Waterwheel Route

In Abarán and on both banks of the Segura River we find the region of Murcia's foremost set of traditional norias, or waterwheels, still used today to irrigate orchards and groves of fruit trees.

These waterwheels are fed by water from two acequias, or irrigation canals - Charrara and Principal - which take the waters of the Segura upstream, at Menju.

The pedestrian route linking the waterwheels, stretching just over one kilometer, runs through a river and agricultural landscape of ethnographic interest in the heart of the Ricote Valley.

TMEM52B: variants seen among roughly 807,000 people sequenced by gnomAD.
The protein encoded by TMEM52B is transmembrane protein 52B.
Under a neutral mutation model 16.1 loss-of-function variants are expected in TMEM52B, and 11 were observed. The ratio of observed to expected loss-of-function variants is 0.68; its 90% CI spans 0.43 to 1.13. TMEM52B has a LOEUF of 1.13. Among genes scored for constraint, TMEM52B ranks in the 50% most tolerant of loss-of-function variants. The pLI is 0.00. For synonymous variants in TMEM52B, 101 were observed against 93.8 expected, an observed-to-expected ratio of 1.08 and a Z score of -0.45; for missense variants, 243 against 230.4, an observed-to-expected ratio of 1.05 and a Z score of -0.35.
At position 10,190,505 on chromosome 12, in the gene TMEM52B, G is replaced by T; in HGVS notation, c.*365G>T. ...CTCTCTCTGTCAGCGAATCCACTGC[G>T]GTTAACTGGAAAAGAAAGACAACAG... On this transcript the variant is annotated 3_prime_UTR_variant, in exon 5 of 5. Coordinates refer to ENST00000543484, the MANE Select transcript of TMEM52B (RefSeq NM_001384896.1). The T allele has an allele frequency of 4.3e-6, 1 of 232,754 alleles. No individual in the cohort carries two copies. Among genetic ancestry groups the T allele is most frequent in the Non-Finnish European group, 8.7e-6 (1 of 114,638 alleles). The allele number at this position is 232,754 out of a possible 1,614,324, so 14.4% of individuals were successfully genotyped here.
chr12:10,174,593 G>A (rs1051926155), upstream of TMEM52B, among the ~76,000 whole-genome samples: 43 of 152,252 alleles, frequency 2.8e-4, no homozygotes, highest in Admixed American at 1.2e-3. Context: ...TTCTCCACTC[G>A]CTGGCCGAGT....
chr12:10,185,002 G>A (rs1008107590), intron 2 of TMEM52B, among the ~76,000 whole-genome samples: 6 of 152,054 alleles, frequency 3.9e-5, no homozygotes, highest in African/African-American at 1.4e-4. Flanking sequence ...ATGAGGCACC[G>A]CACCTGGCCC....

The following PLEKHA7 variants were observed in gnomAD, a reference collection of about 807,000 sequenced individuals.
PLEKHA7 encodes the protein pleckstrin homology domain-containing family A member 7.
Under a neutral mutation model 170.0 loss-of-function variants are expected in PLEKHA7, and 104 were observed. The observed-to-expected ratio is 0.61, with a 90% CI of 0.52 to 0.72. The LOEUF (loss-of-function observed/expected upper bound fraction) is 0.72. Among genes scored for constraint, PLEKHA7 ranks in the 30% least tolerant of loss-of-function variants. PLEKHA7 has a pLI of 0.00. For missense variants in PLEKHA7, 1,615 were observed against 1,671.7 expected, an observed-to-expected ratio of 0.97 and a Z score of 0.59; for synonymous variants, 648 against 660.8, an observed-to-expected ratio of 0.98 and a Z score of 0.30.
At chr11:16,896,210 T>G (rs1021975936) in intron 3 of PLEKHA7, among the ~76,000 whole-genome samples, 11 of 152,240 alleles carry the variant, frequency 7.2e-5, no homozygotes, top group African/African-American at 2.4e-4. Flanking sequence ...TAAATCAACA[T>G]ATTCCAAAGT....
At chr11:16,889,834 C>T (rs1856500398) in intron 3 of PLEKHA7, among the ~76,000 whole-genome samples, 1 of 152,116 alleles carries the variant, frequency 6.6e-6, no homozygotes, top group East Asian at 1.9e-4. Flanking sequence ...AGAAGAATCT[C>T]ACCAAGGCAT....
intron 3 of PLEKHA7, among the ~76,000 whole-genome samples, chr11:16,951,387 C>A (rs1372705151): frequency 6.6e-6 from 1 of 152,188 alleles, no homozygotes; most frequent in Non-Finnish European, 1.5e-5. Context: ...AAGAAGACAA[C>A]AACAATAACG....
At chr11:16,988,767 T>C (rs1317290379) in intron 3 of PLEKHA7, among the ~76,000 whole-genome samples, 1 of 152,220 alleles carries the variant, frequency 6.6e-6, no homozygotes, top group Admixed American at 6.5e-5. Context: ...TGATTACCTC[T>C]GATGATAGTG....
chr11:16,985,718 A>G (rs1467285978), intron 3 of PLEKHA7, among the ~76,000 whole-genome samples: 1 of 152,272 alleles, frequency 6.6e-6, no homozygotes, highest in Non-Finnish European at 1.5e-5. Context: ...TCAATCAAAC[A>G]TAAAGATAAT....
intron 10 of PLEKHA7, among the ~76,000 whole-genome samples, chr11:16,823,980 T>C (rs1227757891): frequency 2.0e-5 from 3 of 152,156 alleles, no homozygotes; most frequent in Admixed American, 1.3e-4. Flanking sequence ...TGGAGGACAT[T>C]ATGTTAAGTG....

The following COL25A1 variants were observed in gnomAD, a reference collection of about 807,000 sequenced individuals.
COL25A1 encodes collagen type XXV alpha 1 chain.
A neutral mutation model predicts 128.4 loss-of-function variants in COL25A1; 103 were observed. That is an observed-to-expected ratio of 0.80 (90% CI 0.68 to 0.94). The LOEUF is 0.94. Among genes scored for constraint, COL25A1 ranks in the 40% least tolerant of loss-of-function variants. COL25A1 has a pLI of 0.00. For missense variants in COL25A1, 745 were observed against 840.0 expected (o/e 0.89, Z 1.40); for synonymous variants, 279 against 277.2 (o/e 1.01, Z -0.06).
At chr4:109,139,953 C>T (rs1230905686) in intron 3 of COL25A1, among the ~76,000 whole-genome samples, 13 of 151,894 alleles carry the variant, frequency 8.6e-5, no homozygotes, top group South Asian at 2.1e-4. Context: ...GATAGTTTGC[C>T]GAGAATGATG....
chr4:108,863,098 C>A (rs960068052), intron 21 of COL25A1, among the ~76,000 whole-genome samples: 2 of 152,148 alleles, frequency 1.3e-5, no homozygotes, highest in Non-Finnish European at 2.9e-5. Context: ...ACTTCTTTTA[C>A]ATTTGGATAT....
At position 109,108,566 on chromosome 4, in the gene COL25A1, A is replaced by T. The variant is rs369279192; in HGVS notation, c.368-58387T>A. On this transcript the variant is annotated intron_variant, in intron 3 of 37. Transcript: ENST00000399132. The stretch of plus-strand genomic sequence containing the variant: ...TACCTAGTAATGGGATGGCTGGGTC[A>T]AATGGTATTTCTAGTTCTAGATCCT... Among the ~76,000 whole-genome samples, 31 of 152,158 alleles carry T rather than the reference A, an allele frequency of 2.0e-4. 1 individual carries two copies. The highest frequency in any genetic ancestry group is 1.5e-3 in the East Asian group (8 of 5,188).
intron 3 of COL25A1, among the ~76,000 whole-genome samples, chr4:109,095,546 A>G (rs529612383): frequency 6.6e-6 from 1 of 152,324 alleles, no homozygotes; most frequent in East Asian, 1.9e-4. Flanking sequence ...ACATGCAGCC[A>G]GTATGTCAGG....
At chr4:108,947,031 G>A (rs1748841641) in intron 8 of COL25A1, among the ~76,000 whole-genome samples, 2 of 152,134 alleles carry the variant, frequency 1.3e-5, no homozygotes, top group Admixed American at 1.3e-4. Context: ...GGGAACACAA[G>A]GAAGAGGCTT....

The Arabs were not the inventors of the waterwheel, but they put them to greater use than any other group. A waterwheel is an efficient machine that, exploiting hydraulic energy, a renewable resource, raises water from an acequia, or irrigation canal, to a higher one, thereby increasing the area of irrigable land.



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